And final comment on health, there’s another bigger topic, which is public health. And here again, I think we’ve read relatively poorly. Total spending is last in Indiana among 50 states.

And other factors that can affect public health, like air quality, and others quality of movement and neighborhoods; we don’t rank very highly on either. This can also loop back into that sustainability and green energy topic, as well.

So work to do. And if I had to make a list for the upcoming legislature, this would be it, to work on these things, to work on K through 12 education and the basic building blocks of how we prepare our workforce for the future, reskilling those that have already left that system, but may struggle to find a new role in the modern economy.

Public health is a precursor to health, and it’s important to change. I think our position on that ranking list from last is something north of that.

And addressing the root cause of excessive costs for business, to hiring new workers, which is health care costs.

And as a precursor to successful the state is a green agenda. Whether you agree with that or not, it doesn’t matter, it’s happening. And if we cannot offer energy that has a sustainability mix to it, we won’t land the next big employer here in the state.

And of course, we need to include everyone. Peoples’ minds gravitate toward underrepresented groups. This is important. Certainly outcomes on all these dimensions for black and brown communities in Indiana are worse and we should do something to affect that. And one of the primary things businesses can do is offer good employment.

But it goes beyond that. I think here in central Indiana, we are 50% of the economy (of the state), but only a third of the population. Which means … two thirds of the population are really being left out of the growth story in our state, that’s rural Indiana.

And then another group which we can turn our minds to with the Ukraine crisis and others, are the people who don’t live here yet, but should and those are immigrants, which have been the lifeblood of growth in Indiana. And we need to think about that as well, because our population replacement rate is less than two.

But I also want to point out that one does special things and things I really love about this state is when we work on things together, whether it be in the business community, nonprofit, and with policymakers, we get things done.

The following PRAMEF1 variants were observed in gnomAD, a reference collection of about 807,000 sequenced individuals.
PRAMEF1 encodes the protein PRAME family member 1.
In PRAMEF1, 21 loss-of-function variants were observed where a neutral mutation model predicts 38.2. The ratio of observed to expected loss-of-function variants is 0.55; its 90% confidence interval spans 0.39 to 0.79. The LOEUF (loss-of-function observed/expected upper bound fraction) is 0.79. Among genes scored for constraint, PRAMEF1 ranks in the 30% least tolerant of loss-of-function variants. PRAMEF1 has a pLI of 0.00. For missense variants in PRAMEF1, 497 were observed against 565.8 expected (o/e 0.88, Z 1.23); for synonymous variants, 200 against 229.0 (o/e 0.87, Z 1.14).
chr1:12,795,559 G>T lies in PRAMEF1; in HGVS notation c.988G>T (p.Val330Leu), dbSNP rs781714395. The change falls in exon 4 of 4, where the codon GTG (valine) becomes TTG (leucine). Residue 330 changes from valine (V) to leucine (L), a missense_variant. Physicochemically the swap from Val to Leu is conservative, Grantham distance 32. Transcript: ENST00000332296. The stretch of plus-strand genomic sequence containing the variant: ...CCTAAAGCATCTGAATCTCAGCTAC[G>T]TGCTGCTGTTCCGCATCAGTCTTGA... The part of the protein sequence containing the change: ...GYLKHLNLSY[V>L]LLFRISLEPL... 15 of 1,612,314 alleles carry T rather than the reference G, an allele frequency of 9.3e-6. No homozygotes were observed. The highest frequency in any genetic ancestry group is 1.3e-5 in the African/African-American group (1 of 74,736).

We built a sports economy here because of that. … We can do these things, but we have to do them together.

So an ask for attending this lunch is to work with us to echo these messages, to make our state vibrant for the future to win the post- COVID decade. And it’s not just about lowering the corporate tax rate. Thanks for listening today.

The following is from the Q&A session on why Eli Lilly and Co. recently decided to build a $1 billion manufacturing plant in North Carolina.

First of all, we do need to diversify our locations. That’s important. Because we want to diversify our workforce, and we have to be closer to our customers.

But it is also true in the last four major investments we announced, two were in North Carolina, one in Limerick, Ireland, and the big new research site in Boston,

You could ask, well, is there some trend forming here?  Why is he doing it?

We have an Indiana First kind of approach to these things. We prefer a cluster and our young folks together. It is important to diversify our geographies. But it’s also important to learn as to why we’re not the only ones putting these sites in these places.

So the workforce, background costs in health care and sort of community quality are very important factors that go into this, in addition to the business-friendly international economic measures.

We get calls from lots of policymakers in the state about each one of these right after they happen. And I give this speech that I gave you today.

I’m hopeful that we can organize some things and if there’s any good that came out of these announcements for Indiana, we can adapt and be much more attractive, so it becomes impossible for Lilly not to put it here.•